HTC-Columbia began contributing as well, thinking of stage-1 winner and points leader Cavendish, and the gap fell further as the bunch barreled along Del Puerto Canyon Road, to 4:15 with 66.7km (41.4 miles) to go.

Ten miles from the Patterson sprint the gap had dipped under three minutes despite a rash of mechanicals in the pursuit — Tony Martin (HTC-Columbia) and UnitedHealthcare-Maxxis teammates Chris Baldwin and Karl Menzies all required wheel changes on the terrible tarmac of Del Puerto Canyon.

Going Boom (and boom) in Patterson

The wind picked up as the break approached the Patterson sprint, becoming a crosswind from the left that saw a handful of riders guttered and struggling to keep pace with the chase. The leaders’ advantage had grown once again, to 3:25, as Boom pushed the pace with 43km (26.7 miles) to race.

Boom took that second sprint ahead of De Walle and Britton, moving into second behind Cavendish in the points competition. And then it was 26 miles of flat, straight roads to Modesto, where the riders faced two finishing circuits downtown.

An inexplicable crash on an arrow-straight stretch took down or delayed a couple dozen riders — UnitedHealthcare’s Baldwin and Menzies, Kiel Reijean (Jelly Belly), Fly V Australia’s Bernard Sulzberger, Jonathan Cantwell and Ben Day, Theo Bos and Heinrich Haussler (Cervélo) and Jason McCartney (RadioShack), among others — and U.S. champion George Hincapie (BMC Racing Team) just barely managed to dodge the carnage.

The pileup seemed to energize the pursuit. With 32km to go, a reduced chase led by RadioShack was just two minutes behind the four leaders. Race leader Zabriskie was caught in a second group and time trialed back to the first group with Sagan on his wheel.

The weary break was grinding along into a stiff wind and losing time rapidly as a strong chase reformed. Jens Voigt and Stuart O’Grady (Saxo Bank) were there. So too were Mick Rogers and Eisel (HTC), Hincapie, defending champion Levi Leipheimer and Armstrong (RadioShack), Belgian national champion Tom Boonen (Quick Step) and Rory Sutherland (UnitedHealthcare).

As the chase grew in numbers and strength the break had just a half-minute’s advantage with 26.5km (16.4 miles) to race. Britton tried to launch himself out of the break, to no effect. First Boom latched on, then the others.

Britton went again, and once again Boom went with him. This time, Van de Walle and Powers needed more time to regain the two leaders. And behind, the field finally had the escapees in its sights.

The final kilometers

With its prey in view on the long, straight road, the field let the foursome dangle for a bit, giving them a little more rope, about a minute’s worth. A weary Powers finally threw in the towel, sliding off the back of the break.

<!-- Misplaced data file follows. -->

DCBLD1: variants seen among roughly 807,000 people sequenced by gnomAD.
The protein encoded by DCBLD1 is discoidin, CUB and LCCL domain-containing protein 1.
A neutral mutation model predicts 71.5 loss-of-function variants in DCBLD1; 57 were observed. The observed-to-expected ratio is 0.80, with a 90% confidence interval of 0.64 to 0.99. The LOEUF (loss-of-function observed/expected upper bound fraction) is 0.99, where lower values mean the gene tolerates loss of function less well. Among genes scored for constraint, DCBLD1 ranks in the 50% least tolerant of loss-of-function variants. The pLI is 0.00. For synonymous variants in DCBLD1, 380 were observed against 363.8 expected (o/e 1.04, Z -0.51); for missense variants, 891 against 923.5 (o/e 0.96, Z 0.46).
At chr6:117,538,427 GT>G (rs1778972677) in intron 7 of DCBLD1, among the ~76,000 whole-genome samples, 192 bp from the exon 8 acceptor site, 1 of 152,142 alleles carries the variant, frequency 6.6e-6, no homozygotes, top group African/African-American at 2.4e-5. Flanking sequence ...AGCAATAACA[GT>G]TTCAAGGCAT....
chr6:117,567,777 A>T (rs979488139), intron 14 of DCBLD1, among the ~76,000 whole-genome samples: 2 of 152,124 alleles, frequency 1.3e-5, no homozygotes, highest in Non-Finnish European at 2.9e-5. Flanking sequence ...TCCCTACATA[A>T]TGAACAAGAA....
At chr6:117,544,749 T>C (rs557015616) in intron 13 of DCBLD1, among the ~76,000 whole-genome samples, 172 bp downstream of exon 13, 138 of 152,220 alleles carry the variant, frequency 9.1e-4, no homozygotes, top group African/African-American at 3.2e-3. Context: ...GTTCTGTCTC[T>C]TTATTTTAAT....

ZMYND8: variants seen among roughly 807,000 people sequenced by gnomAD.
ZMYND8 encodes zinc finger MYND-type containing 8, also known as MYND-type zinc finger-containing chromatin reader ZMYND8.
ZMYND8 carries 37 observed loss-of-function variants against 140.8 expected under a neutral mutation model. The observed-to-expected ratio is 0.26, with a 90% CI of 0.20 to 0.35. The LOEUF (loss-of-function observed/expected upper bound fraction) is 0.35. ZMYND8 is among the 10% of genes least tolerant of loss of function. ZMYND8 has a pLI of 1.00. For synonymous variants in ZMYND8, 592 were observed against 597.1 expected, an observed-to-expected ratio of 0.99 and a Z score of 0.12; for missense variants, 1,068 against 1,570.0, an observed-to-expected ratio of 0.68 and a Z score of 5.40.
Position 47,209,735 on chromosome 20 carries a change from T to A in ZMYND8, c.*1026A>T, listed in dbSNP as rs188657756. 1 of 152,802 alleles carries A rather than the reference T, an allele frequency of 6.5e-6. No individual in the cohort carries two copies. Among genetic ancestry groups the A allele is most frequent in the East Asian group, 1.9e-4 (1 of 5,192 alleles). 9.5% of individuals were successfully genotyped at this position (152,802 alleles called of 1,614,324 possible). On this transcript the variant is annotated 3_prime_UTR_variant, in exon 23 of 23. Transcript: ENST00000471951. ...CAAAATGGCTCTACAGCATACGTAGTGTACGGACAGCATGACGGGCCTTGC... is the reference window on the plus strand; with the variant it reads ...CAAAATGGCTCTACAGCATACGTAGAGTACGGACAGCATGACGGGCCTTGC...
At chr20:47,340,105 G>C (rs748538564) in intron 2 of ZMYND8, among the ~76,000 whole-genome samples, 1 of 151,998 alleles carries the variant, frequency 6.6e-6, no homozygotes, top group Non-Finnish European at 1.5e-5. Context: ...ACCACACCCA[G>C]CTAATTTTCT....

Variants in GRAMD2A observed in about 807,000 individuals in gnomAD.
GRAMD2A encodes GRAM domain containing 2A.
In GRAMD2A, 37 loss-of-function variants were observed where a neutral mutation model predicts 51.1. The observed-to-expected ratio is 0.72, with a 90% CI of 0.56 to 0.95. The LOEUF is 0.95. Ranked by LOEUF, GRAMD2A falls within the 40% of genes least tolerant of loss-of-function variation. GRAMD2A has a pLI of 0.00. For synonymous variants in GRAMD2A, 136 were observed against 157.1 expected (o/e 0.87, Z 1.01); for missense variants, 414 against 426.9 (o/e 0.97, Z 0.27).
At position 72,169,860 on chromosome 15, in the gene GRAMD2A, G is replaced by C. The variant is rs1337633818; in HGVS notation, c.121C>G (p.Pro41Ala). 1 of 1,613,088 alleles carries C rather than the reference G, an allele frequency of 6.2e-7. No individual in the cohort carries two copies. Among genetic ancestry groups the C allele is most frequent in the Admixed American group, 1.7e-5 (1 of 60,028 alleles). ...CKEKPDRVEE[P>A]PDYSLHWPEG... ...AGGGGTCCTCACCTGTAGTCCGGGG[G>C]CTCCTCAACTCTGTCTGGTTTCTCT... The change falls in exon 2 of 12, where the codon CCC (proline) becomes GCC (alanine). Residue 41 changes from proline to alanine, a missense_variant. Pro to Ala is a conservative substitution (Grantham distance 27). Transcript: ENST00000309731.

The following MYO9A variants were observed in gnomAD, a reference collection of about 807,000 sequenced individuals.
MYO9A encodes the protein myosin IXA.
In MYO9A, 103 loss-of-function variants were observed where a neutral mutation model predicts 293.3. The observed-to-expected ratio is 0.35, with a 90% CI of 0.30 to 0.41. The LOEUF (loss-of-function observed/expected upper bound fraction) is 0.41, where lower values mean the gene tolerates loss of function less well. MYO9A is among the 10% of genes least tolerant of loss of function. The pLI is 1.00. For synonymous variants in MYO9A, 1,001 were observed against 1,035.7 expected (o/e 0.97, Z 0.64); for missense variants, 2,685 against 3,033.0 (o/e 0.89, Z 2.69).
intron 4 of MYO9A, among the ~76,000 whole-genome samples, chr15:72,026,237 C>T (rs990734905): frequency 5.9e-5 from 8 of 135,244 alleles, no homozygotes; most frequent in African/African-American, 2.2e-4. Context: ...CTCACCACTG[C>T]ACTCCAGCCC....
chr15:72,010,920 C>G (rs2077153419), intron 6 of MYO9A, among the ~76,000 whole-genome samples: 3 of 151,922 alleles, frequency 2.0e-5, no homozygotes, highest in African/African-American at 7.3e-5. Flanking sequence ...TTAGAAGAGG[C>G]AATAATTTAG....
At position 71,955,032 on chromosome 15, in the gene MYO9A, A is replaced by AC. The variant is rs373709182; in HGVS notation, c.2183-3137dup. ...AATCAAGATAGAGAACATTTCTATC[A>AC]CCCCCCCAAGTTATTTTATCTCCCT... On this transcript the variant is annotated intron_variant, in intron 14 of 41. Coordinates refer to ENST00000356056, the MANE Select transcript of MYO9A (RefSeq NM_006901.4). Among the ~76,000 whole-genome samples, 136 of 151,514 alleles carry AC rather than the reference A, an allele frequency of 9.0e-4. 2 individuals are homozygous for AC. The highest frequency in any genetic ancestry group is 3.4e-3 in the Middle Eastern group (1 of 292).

And then Boom drilled it with 16km (9.9 miles) to go. Van de Walle and Britton looked at each other as the Rabobank man accelerated away.

Behind, the field, led by HTC, Garmin, Liquigas and RadioShack, swept up Powers. Ahead, Van de Walle dragged Britton back to Boom and rolled right on past. Boom quickly grabbed his wheel, and Britton came along for the ride. Their advantage was just 40 seconds.

Lance Armstrong
Lance Armstrong had a mishap but survived to race another day. Photo: Casey B. Gibson |

With 10km to go the three leaders were clinging to a gap of just 30 seconds, and Britton was barely hanging on as Van de Walle and Boom traded punches. The Rabobank man attacked once again going onto the finishing circuit, opening a substantial lead, and Van de Walle let Britton handle the chase. It didn’t go well.

SpiderTech led the field onto the finishing circuit, sweeping up Van de Walle and Britton, but Boom soldiered on. His effort was in vain, though — the man who launched the day’s break was finally caught, too, with 6.5km to go.

Boom shrugged off his big effort after the finish — “Rabobank has a branch here, and it was a beautiful day.”

As the bunch roared through town Yaroslav Popovych (RadioShack) overcooked a corner, stacking it badly enough to require a bike change. Fabian Cancellara (Saxo Bank) flatted. Both would lose time.

Cervélo muscled up to the front going into the final lap, hoping to set up Bos for the stage win, as they did Thor Hushovd in 2009. Rabobank’s Tjallingii tried a desperate, last-ditch attack, but failed to derail the big black train.

Then another Rabo’ went — this time Martens — as yet another crash took Armstrong out of the bunch. Unlike Popo’ and Cancellara, he was within 3km and would receive field time at the finish.

Ahead, as Martens, too, was retrieved, Quick Step came to the fore for Boonen. Then HTC fought its way back to the front, trying to slingshot Cavendish to the line. But the green jerseys of Liquigas were there as well — and it was Chicchi taking the victory from Saxo’s J.J. Haedo, with Cav’ third best. On this day, at least.

Brian Holcombe and Ben Delaney contributed to this report.

Complete results

Quick results


  • 1. Francesco Chicchi (Liquigas)
  • 2. J.J. Haedo (Saxo Bank)
  • 3. Mark Cavendish (HTC-Columbia)
  • 4. Theo Bos (Cervelo)


  • 1. Dave Zabriskie (Garmin-Transitions)
  • 2. Mick Rogers (HTC-Columbia), at 0:04
  • 3. Levi Leipheimer (RadioShack), at 0:06
  • 4. Peter Sagan (Liquigas-Doimo), at 0:21